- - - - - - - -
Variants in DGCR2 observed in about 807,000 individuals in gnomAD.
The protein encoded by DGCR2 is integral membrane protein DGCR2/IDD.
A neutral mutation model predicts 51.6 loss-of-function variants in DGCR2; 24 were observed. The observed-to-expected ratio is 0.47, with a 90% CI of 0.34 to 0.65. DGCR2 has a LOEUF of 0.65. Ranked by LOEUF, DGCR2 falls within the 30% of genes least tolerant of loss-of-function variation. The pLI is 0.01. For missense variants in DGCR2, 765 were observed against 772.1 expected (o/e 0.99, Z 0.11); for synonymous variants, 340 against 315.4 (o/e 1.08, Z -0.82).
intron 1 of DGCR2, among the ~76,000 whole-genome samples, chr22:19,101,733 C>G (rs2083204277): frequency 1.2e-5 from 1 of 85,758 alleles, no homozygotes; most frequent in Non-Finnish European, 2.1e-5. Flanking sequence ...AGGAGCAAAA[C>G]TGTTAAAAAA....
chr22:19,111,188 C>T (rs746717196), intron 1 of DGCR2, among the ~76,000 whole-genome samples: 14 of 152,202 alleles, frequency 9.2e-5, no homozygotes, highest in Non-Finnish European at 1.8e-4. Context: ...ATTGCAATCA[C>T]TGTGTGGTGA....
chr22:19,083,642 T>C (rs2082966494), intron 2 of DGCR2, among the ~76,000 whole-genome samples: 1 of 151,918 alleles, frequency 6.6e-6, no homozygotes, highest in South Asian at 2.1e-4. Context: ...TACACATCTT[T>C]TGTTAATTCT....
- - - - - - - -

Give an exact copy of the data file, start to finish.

Variants in DGCR2 observed in about 807,000 individuals in gnomAD.
The protein encoded by DGCR2 is integral membrane protein DGCR2/IDD.
A neutral mutation model predicts 51.6 loss-of-function variants in DGCR2; 24 were observed. The observed-to-expected ratio is 0.47, with a 90% CI of 0.34 to 0.65. DGCR2 has a LOEUF of 0.65. Ranked by LOEUF, DGCR2 falls within the 30% of genes least tolerant of loss-of-function variation. The pLI is 0.01. For missense variants in DGCR2, 765 were observed against 772.1 expected (o/e 0.99, Z 0.11); for synonymous variants, 340 against 315.4 (o/e 1.08, Z -0.82).
intron 1 of DGCR2, among the ~76,000 whole-genome samples, chr22:19,101,733 C>G (rs2083204277): frequency 1.2e-5 from 1 of 85,758 alleles, no homozygotes; most frequent in Non-Finnish European, 2.1e-5. Flanking sequence ...AGGAGCAAAA[C>G]TGTTAAAAAA....
chr22:19,111,188 C>T (rs746717196), intron 1 of DGCR2, among the ~76,000 whole-genome samples: 14 of 152,202 alleles, frequency 9.2e-5, no homozygotes, highest in Non-Finnish European at 1.8e-4. Context: ...ATTGCAATCA[C>T]TGTGTGGTGA....
chr22:19,083,642 T>C (rs2082966494), intron 2 of DGCR2, among the ~76,000 whole-genome samples: 1 of 151,918 alleles, frequency 6.6e-6, no homozygotes, highest in South Asian at 2.1e-4. Context: ...TACACATCTT[T>C]TGTTAATTCT....